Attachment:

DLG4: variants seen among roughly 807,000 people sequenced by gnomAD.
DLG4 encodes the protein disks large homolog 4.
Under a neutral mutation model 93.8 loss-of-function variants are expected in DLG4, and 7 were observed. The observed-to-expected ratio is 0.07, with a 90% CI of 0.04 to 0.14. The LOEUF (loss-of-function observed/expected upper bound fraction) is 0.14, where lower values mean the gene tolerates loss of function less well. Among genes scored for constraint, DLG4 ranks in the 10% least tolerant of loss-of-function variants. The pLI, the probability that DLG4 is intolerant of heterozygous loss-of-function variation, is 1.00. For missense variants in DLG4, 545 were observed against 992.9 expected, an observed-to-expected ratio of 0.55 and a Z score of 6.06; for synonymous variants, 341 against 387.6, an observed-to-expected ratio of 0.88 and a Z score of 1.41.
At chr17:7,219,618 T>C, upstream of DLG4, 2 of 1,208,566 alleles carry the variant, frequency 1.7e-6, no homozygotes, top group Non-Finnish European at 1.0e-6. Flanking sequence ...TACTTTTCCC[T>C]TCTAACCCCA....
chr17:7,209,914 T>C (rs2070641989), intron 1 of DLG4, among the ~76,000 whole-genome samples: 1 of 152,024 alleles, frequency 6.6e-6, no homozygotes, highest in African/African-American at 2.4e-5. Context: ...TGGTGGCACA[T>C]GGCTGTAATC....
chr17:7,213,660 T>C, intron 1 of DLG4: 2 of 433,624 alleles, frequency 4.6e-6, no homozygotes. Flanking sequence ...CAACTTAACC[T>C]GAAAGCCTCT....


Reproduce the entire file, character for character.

DLG4: variants seen among roughly 807,000 people sequenced by gnomAD.
DLG4 encodes the protein disks large homolog 4.
Under a neutral mutation model 93.8 loss-of-function variants are expected in DLG4, and 7 were observed. The observed-to-expected ratio is 0.07, with a 90% CI of 0.04 to 0.14. The LOEUF (loss-of-function observed/expected upper bound fraction) is 0.14, where lower values mean the gene tolerates loss of function less well. Among genes scored for constraint, DLG4 ranks in the 10% least tolerant of loss-of-function variants. The pLI, the probability that DLG4 is intolerant of heterozygous loss-of-function variation, is 1.00. For missense variants in DLG4, 545 were observed against 992.9 expected, an observed-to-expected ratio of 0.55 and a Z score of 6.06; for synonymous variants, 341 against 387.6, an observed-to-expected ratio of 0.88 and a Z score of 1.41.
At chr17:7,219,618 T>C, upstream of DLG4, 2 of 1,208,566 alleles carry the variant, frequency 1.7e-6, no homozygotes, top group Non-Finnish European at 1.0e-6. Flanking sequence ...TACTTTTCCC[T>C]TCTAACCCCA....
chr17:7,209,914 T>C (rs2070641989), intron 1 of DLG4, among the ~76,000 whole-genome samples: 1 of 152,024 alleles, frequency 6.6e-6, no homozygotes, highest in African/African-American at 2.4e-5. Context: ...TGGTGGCACA[T>C]GGCTGTAATC....
chr17:7,213,660 T>C, intron 1 of DLG4: 2 of 433,624 alleles, frequency 4.6e-6, no homozygotes. Flanking sequence ...CAACTTAACC[T>C]GAAAGCCTCT....